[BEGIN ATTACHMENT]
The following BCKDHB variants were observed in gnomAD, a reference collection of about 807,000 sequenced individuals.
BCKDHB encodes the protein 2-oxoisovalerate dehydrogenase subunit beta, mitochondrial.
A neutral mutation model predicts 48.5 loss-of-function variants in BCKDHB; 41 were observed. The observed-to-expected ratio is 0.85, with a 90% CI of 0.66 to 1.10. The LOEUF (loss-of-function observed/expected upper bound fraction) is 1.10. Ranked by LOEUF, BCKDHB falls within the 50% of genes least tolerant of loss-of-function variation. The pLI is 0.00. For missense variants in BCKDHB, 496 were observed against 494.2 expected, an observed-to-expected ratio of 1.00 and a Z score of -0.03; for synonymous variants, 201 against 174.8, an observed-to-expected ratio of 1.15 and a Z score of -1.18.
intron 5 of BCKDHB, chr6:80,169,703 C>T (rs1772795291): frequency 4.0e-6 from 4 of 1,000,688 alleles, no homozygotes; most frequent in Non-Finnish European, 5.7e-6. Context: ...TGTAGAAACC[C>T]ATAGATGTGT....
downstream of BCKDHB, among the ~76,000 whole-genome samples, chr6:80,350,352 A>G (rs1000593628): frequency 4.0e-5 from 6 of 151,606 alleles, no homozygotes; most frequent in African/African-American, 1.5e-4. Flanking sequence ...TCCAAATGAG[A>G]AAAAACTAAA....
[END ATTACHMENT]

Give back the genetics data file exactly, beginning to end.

The following BCKDHB variants were observed in gnomAD, a reference collection of about 807,000 sequenced individuals.
BCKDHB encodes the protein 2-oxoisovalerate dehydrogenase subunit beta, mitochondrial.
A neutral mutation model predicts 48.5 loss-of-function variants in BCKDHB; 41 were observed. The observed-to-expected ratio is 0.85, with a 90% CI of 0.66 to 1.10. The LOEUF (loss-of-function observed/expected upper bound fraction) is 1.10. Ranked by LOEUF, BCKDHB falls within the 50% of genes least tolerant of loss-of-function variation. The pLI is 0.00. For missense variants in BCKDHB, 496 were observed against 494.2 expected, an observed-to-expected ratio of 1.00 and a Z score of -0.03; for synonymous variants, 201 against 174.8, an observed-to-expected ratio of 1.15 and a Z score of -1.18.
intron 5 of BCKDHB, chr6:80,169,703 C>T (rs1772795291): frequency 4.0e-6 from 4 of 1,000,688 alleles, no homozygotes; most frequent in Non-Finnish European, 5.7e-6. Context: ...TGTAGAAACC[C>T]ATAGATGTGT....
downstream of BCKDHB, among the ~76,000 whole-genome samples, chr6:80,350,352 A>G (rs1000593628): frequency 4.0e-5 from 6 of 151,606 alleles, no homozygotes; most frequent in African/African-American, 1.5e-4. Flanking sequence ...TCCAAATGAG[A>G]AAAAACTAAA....